All of this has become painfully obvious for thousands of people across Ireland in the struggle against the water charges, though it is in no way new. It is certainly not news to those who are aware of the campaign against Shell in Rossport Co. Mayo. Patently An Garda Siochána are on the side of the powerful. However, it is a mistake to – as many have done – blame this on some lack of personal honour among individual Gardaí. It is vital to recognise that the repressive role the Gardaí are playing is exactly why the police was invented.

The upshot is that contrary to common belief the police weren't established by well meaning people who wanted to make everyone as safe as possible, the police were established to crack down on working class activity, slave rebellion, and – to put it generally – to shore up the privileged economic position of the elite. With over 100 Gardaí deployed to arrest protesters this week in Tallaght alone, while thousands of people chronically cannot get a hang of them to deal with anti-social crime, the priorities of the police as an institution are crystal clear.

This basic truth is what lead author, journalist, and socialist, George Orwell to say: 'I have no particular love for the idealised worker as he appears in the bourgeois Communist's mind, but when I see an actual flesh-and-blood worker in conflict with his natural enemy, the policeman, I do not have to ask myself which side I am on.' These sides are well established. For instance the police have a long history of beating and murdering workers on strike.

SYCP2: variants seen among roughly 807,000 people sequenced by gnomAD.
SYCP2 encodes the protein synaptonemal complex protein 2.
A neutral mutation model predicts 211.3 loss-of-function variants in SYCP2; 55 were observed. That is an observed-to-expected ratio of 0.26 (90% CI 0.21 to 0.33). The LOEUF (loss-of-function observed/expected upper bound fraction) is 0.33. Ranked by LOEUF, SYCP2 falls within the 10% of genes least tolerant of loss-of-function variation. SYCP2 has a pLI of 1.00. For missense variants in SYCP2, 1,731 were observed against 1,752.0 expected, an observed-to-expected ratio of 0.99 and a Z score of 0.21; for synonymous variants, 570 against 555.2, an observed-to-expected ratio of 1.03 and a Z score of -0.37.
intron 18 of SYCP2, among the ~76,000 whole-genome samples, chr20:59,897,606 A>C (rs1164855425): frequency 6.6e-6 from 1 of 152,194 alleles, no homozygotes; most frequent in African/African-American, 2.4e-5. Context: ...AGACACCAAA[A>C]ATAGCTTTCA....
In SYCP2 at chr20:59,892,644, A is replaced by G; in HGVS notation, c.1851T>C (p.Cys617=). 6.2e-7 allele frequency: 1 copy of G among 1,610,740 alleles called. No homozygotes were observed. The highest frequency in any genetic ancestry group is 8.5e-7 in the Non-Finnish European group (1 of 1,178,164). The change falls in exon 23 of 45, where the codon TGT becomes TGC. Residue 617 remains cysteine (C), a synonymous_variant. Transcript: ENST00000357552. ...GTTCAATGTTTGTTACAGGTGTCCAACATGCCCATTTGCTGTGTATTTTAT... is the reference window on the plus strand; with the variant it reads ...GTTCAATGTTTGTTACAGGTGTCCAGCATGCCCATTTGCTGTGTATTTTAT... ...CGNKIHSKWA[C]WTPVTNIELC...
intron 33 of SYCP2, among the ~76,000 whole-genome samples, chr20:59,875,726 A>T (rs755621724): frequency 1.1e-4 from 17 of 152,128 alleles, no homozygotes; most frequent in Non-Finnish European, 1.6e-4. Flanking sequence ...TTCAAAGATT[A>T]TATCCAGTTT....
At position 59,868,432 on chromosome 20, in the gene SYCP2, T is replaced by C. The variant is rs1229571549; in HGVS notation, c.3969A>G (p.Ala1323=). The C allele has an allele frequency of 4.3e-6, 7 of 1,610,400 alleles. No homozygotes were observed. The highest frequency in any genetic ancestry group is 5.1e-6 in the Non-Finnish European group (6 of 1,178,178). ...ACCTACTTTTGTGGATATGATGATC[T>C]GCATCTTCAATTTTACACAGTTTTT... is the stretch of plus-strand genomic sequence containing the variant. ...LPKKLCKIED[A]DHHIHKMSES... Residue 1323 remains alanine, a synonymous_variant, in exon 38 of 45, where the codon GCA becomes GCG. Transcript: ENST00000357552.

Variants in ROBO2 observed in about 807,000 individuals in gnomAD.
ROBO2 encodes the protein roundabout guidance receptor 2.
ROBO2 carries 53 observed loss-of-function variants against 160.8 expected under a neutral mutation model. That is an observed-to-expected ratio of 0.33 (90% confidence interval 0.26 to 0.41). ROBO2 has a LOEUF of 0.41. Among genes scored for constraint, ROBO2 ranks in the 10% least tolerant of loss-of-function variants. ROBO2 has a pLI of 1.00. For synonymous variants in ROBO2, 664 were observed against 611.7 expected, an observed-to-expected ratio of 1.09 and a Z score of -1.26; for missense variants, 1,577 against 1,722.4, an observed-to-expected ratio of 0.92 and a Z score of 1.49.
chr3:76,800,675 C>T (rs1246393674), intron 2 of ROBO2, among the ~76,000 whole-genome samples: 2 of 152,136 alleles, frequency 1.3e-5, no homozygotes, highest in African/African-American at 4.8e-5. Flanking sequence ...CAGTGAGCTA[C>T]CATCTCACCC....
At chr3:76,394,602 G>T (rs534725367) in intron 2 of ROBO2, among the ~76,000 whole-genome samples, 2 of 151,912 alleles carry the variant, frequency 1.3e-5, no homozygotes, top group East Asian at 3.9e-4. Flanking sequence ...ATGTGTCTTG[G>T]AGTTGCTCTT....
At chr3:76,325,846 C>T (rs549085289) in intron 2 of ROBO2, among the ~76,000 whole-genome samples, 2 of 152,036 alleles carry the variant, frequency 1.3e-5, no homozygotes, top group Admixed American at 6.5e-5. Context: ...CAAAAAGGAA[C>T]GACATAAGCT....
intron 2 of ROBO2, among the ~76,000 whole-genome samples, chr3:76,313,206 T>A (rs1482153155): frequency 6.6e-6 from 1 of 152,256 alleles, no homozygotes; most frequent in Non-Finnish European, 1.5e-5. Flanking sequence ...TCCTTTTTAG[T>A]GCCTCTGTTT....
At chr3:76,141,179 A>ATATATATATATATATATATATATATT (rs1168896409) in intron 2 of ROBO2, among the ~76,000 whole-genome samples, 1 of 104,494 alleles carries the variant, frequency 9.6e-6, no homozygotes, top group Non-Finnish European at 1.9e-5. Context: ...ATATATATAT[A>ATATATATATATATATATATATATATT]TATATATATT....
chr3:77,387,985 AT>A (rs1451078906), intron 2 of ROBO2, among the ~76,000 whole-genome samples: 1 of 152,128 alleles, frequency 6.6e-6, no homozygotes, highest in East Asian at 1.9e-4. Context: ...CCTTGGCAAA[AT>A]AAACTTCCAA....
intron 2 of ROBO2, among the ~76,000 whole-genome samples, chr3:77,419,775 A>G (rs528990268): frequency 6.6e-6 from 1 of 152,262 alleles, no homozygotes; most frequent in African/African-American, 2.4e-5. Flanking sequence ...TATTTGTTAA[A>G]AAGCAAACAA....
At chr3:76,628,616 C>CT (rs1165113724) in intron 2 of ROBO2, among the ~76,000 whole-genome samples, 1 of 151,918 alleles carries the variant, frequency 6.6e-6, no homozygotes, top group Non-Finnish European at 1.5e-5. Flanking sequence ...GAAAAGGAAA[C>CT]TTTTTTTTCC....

So a cop is bounded by their institutional role, but you will have noticed that this of course isn't unique to the police. The same is definitely true of soldiers. In fact this institutional stricture is a defining feature of our society at large. 'All Corporations Are Bastards' – in a capitalist market corporations must seek maximum profit or they will be annihilated by competitors (this is basically what is meant by 'the logic of capital'). Whether or not an individual corporate executive is greedy and ruthless, they must act that way or lose their job.

This applies to politicians too. To retain their seat they must play the electoral game, with all the ideological compromise and self-promotion that entails. Once in power they realise they can change very little for the better. As said in a previous article on Syriza's election, the party faces a fundamental political limitation: if 'the markets' don't like their program, a huge capital flight will cause economic disaster in Greece. If that doesn't work, there will be a coup. This is a historically proven formula, and it's one big reason why change can't come from parliament. It must come below from social movements.

The most general point to take here is that it is much more fruitful to focus on systems and institutions rather than individual personalities. This is a way of looking at the world which has far greater explanatory power. Once you realise this, you stop believing that we just need 'better politicians', 'better bankers', 'better bosses, 'better police officers', and so on, and start advocating systemic change.

So you will see from reading this that responding to ACAB with 'not all cops are bad people' doesn't actually make sense. Everyone knows that, and that's not the point. All Cops Are Bastards, All Cops Are Bounded.